Half of FTSE 100 companies now have an ESG category in their bonus plans, a report has found.
Alvarez & Marsal looked at the annual reports of FTSE 100 companies published up to the end of June 2021, and found 47% have a specific ESG category when deciding bonuses. Broadening this out to include other social and people factors, the firm found brought this percentage up to 61% of companies.
The report, FTSE 100: directors’ remuneration trends 2021, found ESG categories were also being used more frequently as long-term incentive measurements, up to 32% of companies this year from 15% last year.
Nicolas Stratford, managing director within Alvarez & Marsal’s executive compensation services practice said: “ESG metrics are not just a latest fashion, they are part of the new normal in executive remuneration. The number of FTSE 100 firms using ESG measures in incentive plans has increased significantly; we expect this trend to continue. At the current rate, ESG measures could become a feature in more than half of long-term incentive plans in the FTSE 100.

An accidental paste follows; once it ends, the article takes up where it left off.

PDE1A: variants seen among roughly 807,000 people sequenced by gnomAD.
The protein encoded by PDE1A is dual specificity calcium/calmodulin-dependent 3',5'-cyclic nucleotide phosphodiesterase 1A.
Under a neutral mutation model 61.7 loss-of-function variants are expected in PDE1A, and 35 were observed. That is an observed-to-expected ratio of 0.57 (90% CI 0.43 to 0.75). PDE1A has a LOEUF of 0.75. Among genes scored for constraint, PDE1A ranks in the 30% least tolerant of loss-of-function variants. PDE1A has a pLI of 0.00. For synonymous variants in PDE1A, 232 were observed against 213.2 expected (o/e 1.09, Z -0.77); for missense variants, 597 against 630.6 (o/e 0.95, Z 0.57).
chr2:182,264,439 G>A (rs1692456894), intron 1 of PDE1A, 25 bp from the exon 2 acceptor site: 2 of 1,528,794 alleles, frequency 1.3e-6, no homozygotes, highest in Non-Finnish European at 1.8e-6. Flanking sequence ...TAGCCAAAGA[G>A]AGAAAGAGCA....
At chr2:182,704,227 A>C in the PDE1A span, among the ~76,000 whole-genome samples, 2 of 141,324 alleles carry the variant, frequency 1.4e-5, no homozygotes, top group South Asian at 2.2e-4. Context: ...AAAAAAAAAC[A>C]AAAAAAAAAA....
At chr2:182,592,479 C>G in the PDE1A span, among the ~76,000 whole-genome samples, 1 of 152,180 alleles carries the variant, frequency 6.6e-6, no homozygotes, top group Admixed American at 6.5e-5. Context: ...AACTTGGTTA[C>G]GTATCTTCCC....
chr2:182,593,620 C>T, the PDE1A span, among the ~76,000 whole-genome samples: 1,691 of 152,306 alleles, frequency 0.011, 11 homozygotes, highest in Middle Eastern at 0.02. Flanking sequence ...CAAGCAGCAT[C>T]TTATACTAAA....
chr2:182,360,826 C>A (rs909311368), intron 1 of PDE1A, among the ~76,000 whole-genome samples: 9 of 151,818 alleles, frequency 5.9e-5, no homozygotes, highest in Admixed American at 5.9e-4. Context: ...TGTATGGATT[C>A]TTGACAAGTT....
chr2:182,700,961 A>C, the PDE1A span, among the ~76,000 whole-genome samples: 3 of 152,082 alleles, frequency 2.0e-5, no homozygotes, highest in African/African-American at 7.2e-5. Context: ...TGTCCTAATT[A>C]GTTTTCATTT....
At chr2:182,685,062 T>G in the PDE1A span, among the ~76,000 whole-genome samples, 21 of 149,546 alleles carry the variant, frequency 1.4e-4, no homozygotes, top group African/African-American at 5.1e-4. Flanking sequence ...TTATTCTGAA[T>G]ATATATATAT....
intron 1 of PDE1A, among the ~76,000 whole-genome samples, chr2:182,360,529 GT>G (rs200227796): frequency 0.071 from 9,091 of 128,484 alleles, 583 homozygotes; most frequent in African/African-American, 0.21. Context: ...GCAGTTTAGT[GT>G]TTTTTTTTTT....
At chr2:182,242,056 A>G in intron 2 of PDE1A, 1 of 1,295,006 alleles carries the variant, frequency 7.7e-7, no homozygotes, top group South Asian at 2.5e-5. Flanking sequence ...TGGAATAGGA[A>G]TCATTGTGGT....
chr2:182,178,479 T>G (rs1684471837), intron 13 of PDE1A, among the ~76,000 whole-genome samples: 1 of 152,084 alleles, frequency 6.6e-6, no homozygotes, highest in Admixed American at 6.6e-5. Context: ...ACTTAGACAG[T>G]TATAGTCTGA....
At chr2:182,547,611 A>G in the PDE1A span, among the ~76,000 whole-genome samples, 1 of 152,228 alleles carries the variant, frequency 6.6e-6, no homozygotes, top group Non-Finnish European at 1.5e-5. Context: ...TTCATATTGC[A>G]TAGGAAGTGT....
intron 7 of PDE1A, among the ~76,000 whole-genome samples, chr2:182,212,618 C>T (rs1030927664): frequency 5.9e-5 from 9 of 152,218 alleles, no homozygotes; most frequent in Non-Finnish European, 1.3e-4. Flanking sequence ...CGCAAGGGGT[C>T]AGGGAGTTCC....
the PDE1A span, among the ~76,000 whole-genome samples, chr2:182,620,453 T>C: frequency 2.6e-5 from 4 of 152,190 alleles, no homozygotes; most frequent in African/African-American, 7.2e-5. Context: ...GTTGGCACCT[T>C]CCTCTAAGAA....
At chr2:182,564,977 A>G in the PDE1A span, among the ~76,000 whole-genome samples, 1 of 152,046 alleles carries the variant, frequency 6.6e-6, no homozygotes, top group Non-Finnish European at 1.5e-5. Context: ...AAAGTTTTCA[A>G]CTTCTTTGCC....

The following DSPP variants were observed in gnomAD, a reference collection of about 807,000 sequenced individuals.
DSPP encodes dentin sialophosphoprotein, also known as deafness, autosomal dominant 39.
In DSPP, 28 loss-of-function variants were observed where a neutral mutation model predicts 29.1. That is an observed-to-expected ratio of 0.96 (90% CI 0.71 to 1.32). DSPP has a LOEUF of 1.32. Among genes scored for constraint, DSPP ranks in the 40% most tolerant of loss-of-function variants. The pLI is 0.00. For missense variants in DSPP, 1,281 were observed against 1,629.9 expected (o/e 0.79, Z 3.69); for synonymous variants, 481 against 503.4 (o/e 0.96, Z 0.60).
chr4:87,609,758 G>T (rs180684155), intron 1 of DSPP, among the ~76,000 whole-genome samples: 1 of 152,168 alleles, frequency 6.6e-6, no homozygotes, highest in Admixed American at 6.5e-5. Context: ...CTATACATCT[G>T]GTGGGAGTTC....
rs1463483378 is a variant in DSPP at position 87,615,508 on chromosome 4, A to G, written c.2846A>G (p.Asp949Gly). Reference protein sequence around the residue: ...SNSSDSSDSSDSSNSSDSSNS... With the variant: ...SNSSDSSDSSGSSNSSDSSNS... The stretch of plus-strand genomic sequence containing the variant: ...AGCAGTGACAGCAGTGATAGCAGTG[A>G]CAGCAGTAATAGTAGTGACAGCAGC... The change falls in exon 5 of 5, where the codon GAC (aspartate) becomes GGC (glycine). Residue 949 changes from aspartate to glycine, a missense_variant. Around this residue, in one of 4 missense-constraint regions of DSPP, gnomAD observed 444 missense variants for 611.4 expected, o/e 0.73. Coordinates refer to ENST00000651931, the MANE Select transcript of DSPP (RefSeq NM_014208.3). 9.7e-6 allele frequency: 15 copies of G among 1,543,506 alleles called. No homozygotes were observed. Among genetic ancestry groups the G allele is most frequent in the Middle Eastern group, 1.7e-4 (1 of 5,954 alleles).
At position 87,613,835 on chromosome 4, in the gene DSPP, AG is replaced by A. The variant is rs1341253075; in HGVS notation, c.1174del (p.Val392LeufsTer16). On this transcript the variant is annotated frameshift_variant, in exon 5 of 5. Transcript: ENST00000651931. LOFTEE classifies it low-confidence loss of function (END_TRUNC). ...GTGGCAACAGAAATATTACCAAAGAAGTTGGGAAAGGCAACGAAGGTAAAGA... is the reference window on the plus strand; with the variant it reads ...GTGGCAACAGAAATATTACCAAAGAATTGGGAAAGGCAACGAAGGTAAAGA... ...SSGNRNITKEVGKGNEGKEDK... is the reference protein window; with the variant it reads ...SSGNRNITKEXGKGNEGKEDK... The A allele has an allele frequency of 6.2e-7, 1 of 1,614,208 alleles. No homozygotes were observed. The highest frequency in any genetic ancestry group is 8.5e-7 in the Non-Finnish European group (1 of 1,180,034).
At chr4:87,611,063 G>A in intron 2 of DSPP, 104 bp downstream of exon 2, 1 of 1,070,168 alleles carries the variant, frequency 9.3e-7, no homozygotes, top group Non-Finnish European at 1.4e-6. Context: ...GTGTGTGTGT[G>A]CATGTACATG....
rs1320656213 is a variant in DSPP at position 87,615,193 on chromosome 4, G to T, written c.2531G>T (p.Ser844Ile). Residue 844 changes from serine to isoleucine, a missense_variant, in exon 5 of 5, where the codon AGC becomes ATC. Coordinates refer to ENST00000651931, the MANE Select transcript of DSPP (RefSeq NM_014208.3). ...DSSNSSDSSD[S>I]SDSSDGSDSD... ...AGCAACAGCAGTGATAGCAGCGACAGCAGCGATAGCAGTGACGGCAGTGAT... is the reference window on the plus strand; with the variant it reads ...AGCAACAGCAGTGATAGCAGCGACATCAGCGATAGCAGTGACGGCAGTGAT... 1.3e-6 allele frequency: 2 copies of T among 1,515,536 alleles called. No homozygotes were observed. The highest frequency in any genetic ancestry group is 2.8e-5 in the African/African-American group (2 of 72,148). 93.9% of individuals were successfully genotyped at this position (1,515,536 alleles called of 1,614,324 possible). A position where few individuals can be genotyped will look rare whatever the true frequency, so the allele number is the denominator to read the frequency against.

“As ESG metrics become more prevalent in both annual bonus plans and long term-incentives, remuneration committees will need to ensure the targets they set are stretching and aligned with their overall ESG strategy. Shareholders will want to ensure that ESG metrics are challenging and not just an ‘easy win’ for executives.”
The report found Covid-19 has had an impact on remuneration. A third of FTSE 100 CEOs had their take-home pay reduced by 30% or more compared with the previous year.
Writing in ESG Clarity in March, Alberto Lopez Valenzuela, founder and CEO, alva, noted the shift underway in executive pay as a result of the pandemic.
“After the brief period of insularity we experienced during the first hit of Covid, the tail end of 2020 saw the development of a far more outward-facing stance from business. Suddenly, businesses such as Waitrose, JP Morgan, et al, were practically queuing up to elevate their environmental, ethical and social credentials,” he said.
Attention on the practices of companies such as Boohoo has also brought executive pay conversations to the foreground recently. In May Boohoo announced it would link its bonus scheme to improvements in its supply chain, causing MP Philip Dunne to say: “While it appears that only 15% of the bonus will be tied to ESG improvements, it is encouraging that Boohoo’s remuneration committee will have the discretion to scrap the entire bonus if these much-needed changes are not implemented,” and for investors to request other companies follow suit.